Wolters Kluwer: Global Tier 1 Bank Implements Regulatory Change Management Program To Satisfy Regulator Requirements
Posted: 1 September 2015 | Source: Wolters Kluwer
After facing heightened regulatory challenges, a global Tier 1 financial institution implemented OneSumX® GRC for Regulatory Change Management, a robust change management solution from Wolters Kluwer Financial Services consisting of automated regulatory content feeds and comprehensive workflow for tracking regulations through implementation. The solution enables the bank to connect all applicable rules and regulations to lines of business, products, operations, policies, and processes of the business and track regulatory developments with meaningful interpretation, giving them the capability to properly assess the impact of a new rule or change, route the obligation to the appropriate areas for implementation, and ultimately, demonstrate mastery of compliance to regulatory obligation to their regulators.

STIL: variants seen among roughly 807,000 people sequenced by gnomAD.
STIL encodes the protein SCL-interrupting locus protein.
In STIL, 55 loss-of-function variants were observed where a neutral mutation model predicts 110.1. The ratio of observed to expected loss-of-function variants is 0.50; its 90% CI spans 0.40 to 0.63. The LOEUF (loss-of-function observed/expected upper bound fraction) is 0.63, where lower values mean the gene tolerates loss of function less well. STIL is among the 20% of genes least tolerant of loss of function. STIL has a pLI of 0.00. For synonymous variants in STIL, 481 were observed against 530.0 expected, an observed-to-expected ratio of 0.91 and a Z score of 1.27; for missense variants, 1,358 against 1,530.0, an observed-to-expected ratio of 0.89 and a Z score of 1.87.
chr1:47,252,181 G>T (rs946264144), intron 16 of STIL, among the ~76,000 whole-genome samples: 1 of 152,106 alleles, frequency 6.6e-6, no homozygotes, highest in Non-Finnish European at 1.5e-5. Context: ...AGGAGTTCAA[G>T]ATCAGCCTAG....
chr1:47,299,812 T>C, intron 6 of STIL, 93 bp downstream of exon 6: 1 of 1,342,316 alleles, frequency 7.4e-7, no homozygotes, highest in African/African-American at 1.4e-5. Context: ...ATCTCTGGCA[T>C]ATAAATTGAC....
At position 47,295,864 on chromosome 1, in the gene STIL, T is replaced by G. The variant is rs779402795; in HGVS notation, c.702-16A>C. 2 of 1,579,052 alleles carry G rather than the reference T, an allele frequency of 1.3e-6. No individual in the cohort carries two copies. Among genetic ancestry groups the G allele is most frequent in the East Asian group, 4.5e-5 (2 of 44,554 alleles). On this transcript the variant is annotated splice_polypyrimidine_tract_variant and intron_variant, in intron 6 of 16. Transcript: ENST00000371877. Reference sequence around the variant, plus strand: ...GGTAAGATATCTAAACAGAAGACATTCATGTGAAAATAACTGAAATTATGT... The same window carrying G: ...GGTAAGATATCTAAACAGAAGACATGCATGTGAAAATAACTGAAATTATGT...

Regulatory Challenges Lead to Change Management
With the complexities of today’s regulatory environment, it can be difficult to remember life before the financial crisis—when financial institutions managed their regulatory risk by simply monitoring regulators’ websites for any changes. Now, the regulations that govern financial institutions are constantly in flux. Whether it is new regulations coming into play or existing regulations being updated, compliance is a never-ending journey where the manual, ad hoc processes of yester-year no longer pass muster.
To keep up with this level of activity, financial services organizations are dedicating significant expert resources to the low value work of monitoring a variety of sources, including news sites, regulator websites, feeds and association alerts, to identify what regulatory activities are going to require change within their organization. Typically, this results in inefficient non-standardized output, redundancy in effort, and an overload of information without any audit trail or automation. There are also no assurances that full coverage has been achieved or that the right people have received the appropriate information.